CSCMP's Supply Chain Quarterly
December 18, 2017
Supply Chain Executive Insight E-Newsletter
Each week the Supply Chain Executive Insight e-newsletter will include brief articles about developments that are often overlooked by other supply chain publications. We will present you with summaries of the latest research as well as new ideas on how to make your supply chain operations more effective. And we'll offer commentary that sheds light on what's happening in supply chains today.
Sign up now!

Most Read Articles

News from our sister publication
DC Velocity
Perspective
Perspective

What additive manufacturing could mean for supply chains

Comment
Years from now, individualized production could change transportation and logistics patterns.

One of the visions for future supply chains outlined in a recently released Deutsche Post DHL study, Delivering Tomorrow: Logistics 2050, pictures a world of customized lifestyles. In this scenario (one of five in the report), three-dimensional printers manufacture one-of-a-kind products for individual consumers.

In a world where 3-D printers handle much of the production (an approach called "additive," "rapid," or "direct digital" manufacturing), companies that make customized goods would be more likely to move raw materials than finished products. The report predicts that the implications for logistics would include a greatly reduced need for long-distance transportation of finished and semi-finished goods. Since additive manufacturing would revive local production, it also would necessitate stronger regional logistics capabilities and high-quality, last-mile networks. (For more about this production method, see "How rapid manufacturing could transform supply chains" in the Quarter 4/2008 issue of CSCMP's Supply Chain Quarterly.)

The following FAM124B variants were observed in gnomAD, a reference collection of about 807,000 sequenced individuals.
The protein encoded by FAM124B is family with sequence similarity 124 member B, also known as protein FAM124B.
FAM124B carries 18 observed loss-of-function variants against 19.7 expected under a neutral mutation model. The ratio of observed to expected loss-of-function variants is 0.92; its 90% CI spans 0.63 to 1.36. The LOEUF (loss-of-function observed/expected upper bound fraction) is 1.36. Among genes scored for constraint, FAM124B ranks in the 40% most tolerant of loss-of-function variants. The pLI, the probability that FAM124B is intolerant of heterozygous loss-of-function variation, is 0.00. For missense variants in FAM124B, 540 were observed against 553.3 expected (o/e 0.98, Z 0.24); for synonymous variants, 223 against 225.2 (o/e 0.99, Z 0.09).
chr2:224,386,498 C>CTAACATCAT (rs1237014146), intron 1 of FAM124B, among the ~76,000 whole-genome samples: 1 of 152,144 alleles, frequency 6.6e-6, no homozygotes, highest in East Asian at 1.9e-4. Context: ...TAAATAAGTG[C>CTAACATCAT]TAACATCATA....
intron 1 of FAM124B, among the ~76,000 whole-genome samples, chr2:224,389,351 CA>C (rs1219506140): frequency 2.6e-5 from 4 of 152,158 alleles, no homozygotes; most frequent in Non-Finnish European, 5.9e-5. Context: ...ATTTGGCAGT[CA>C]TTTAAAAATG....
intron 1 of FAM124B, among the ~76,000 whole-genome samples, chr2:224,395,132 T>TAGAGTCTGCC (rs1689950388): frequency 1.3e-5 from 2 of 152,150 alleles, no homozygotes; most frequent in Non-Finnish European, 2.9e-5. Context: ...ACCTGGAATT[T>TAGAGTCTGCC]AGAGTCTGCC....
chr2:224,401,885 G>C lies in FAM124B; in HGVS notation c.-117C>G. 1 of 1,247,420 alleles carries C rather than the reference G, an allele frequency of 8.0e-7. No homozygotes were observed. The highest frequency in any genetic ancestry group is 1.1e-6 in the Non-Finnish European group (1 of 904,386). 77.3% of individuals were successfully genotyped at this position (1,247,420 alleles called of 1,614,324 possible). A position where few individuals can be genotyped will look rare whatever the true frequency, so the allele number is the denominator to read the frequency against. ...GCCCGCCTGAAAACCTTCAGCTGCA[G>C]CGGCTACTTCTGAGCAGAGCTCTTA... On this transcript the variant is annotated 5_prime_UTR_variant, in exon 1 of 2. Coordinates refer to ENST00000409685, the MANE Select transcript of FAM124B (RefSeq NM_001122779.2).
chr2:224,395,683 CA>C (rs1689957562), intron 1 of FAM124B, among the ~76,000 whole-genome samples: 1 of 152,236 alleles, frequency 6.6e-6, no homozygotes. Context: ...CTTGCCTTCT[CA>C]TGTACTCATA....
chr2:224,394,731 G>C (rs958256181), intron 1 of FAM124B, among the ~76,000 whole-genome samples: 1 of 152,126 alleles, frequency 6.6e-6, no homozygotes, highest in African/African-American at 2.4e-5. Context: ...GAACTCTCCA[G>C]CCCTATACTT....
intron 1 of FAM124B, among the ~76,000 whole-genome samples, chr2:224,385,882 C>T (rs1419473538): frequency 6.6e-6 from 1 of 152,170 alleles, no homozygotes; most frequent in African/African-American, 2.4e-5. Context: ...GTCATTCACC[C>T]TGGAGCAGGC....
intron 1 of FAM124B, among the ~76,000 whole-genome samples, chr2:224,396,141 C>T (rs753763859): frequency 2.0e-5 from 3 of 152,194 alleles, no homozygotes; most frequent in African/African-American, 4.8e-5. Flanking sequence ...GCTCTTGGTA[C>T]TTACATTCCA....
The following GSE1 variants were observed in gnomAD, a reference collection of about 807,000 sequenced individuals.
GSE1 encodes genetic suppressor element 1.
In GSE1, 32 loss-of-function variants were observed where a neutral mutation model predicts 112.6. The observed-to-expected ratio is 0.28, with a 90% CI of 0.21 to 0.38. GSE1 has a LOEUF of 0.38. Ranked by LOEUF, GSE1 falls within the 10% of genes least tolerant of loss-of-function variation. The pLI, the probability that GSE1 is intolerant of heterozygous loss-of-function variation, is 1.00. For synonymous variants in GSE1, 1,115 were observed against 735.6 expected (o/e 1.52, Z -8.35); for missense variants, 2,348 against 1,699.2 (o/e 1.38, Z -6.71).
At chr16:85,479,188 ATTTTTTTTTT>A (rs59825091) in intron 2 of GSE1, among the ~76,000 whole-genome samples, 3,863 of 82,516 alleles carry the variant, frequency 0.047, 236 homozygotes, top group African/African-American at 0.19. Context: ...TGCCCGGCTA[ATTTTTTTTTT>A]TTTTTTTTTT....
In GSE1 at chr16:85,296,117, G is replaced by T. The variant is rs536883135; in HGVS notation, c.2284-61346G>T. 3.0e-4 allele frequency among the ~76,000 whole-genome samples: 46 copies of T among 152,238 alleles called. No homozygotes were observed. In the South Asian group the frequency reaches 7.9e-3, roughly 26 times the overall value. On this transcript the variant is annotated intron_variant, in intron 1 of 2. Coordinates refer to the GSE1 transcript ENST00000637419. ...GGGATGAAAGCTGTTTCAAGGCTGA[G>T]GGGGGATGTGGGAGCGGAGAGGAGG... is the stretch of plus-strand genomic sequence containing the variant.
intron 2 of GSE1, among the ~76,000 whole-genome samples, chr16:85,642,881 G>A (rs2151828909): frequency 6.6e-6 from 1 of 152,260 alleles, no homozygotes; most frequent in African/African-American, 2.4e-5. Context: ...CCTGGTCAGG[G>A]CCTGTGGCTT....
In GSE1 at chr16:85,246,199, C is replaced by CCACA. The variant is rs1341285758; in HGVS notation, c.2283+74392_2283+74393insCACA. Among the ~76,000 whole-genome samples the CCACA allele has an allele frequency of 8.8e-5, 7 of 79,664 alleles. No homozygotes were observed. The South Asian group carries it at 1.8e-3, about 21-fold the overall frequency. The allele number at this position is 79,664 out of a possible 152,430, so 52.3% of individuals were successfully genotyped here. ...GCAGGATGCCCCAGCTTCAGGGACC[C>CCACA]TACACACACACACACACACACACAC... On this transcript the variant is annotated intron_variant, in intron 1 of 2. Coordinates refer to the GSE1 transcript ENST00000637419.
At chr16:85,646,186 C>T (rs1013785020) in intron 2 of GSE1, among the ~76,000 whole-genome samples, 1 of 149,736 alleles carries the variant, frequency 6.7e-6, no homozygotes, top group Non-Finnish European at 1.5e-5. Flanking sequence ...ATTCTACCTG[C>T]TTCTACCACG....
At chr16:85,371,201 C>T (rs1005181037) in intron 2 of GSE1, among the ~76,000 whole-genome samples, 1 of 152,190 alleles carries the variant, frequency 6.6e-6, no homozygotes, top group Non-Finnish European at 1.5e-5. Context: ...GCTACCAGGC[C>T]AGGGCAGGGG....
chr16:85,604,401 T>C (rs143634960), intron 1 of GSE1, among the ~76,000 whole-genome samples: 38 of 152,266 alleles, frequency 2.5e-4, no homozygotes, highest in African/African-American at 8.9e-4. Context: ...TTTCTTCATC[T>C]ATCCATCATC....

I agree with the report's authors that additive manufacturing will bring about more customized production, but this technique won't be appropriate for everything. It might be cost-effective for items like decorative housewares; a homeowner could, for example, order something that fits a particular color scheme. But certain types of low-value products, like garden hoses, would continue to be made in huge quantities in countries where labor costs are cheap. Hence, the need for long-distance transportation would decline but would not go away.

I do think the report understates the potential impact of this type of manufacturing on retailing. The rise of additive manufacturing would only serve to expand the growth of online retailing, turning shopping malls into ghost towns. A consumer in this world would either order a custom-made product over the Internet or pay a visit to a local producer—perhaps someone in the neighborhood who has a 3-D printer. In either case, the volume of truckload movements of finished goods to retail outlets would surely fall.

Admittedly, additive manufacturing is in its early stages. Still, supply chain managers should keep an eye on this important manufacturing trend. Low-cost country sourcing in a global economy has resulted in complex international supply chains. But if in decades to come the economy is dominated by 3-D "printed" manufacturing, then we can expect to see regional supply chains expand at the expense of global ones.

James A. Cooke is a supply chain software analyst. He was previously the editor of CSCMP's Supply Chain Quarterly and a staff writer for DC Velocity.

Join the Discussion

After you comment, click Post. If you're not already logged in, you will be asked to log in or register.


Want more articles like this? Sign up for a free subscription to Supply Chain Executive Insight, a monthly e-newsletter that provides insights and commentary on supply chain trends and developments. Click here to subscribe.

We Want to Hear From You! We invite you to share your thoughts and opinions about this article by sending an e-mail to ?Subject=Letter to the Editor: Quarter 2012: What additive manufacturing could mean for supply chains"> . We will publish selected readers' comments in future issues of CSCMP's Supply Chain Quarterly. Correspondence may be edited for clarity or for length.

Want more articles like this? Subscribe to CSCMP's Supply Chain Quarterly.